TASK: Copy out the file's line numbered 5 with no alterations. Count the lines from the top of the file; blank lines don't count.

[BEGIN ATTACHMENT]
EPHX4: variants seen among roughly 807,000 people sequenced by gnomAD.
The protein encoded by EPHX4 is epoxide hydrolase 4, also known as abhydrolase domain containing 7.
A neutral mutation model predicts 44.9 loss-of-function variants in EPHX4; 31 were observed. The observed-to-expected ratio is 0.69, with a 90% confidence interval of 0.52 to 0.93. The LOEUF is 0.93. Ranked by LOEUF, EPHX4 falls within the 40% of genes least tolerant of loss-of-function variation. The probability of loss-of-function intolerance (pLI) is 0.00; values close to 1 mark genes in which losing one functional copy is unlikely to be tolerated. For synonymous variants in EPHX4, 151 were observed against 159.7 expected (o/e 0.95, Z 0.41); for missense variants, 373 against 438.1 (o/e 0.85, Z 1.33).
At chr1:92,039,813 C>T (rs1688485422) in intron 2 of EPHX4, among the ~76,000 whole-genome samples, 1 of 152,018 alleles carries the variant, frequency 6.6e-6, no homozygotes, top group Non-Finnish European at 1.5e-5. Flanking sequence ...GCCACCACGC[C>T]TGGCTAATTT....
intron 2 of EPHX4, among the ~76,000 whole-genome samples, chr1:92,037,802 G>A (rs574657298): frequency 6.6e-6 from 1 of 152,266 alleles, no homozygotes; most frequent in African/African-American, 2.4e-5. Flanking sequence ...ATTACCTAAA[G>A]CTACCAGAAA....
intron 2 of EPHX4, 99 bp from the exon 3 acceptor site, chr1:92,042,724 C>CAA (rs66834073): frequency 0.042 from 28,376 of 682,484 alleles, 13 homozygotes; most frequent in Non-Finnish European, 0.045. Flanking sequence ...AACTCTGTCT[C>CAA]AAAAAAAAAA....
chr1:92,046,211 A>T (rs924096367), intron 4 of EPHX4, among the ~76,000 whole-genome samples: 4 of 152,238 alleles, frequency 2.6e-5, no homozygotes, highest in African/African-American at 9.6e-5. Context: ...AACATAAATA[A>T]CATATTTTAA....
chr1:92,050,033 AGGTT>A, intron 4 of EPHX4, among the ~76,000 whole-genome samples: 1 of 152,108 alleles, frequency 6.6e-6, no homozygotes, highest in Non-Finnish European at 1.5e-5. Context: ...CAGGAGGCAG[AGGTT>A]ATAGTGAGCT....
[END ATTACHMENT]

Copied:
intron 2 of EPHX4, among the ~76,000 whole-genome samples, chr1:92,037,802 G>A (rs574657298): frequency 6.6e-6 from 1 of 152,266 alleles, no homozygotes; most frequent in African/African-American, 2.4e-5. Flanking sequence ...ATTACCTAAA[G>A]CTACCAGAAA....